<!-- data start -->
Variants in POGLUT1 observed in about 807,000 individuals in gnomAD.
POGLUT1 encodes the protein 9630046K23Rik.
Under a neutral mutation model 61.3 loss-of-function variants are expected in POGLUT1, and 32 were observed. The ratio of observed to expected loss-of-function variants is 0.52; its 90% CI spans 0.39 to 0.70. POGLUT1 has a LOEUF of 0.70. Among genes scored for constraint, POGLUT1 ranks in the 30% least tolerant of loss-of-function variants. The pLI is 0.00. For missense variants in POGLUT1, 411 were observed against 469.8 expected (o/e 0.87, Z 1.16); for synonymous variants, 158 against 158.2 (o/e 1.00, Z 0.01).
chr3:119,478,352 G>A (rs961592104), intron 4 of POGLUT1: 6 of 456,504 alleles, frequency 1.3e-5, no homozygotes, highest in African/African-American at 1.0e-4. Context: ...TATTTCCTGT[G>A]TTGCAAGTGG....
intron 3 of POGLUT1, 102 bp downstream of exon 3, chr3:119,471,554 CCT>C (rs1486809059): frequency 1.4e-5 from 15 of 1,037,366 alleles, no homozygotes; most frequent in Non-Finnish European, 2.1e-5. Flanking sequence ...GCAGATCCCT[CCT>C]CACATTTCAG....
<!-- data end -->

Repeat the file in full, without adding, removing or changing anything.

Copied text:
Variants in POGLUT1 observed in about 807,000 individuals in gnomAD.
POGLUT1 encodes the protein 9630046K23Rik.
Under a neutral mutation model 61.3 loss-of-function variants are expected in POGLUT1, and 32 were observed. The ratio of observed to expected loss-of-function variants is 0.52; its 90% CI spans 0.39 to 0.70. POGLUT1 has a LOEUF of 0.70. Among genes scored for constraint, POGLUT1 ranks in the 30% least tolerant of loss-of-function variants. The pLI is 0.00. For missense variants in POGLUT1, 411 were observed against 469.8 expected (o/e 0.87, Z 1.16); for synonymous variants, 158 against 158.2 (o/e 1.00, Z 0.01).
chr3:119,478,352 G>A (rs961592104), intron 4 of POGLUT1: 6 of 456,504 alleles, frequency 1.3e-5, no homozygotes, highest in African/African-American at 1.0e-4. Context: ...TATTTCCTGT[G>A]TTGCAAGTGG....
intron 3 of POGLUT1, 102 bp downstream of exon 3, chr3:119,471,554 CCT>C (rs1486809059): frequency 1.4e-5 from 15 of 1,037,366 alleles, no homozygotes; most frequent in Non-Finnish European, 2.1e-5. Flanking sequence ...GCAGATCCCT[CCT>C]CACATTTCAG....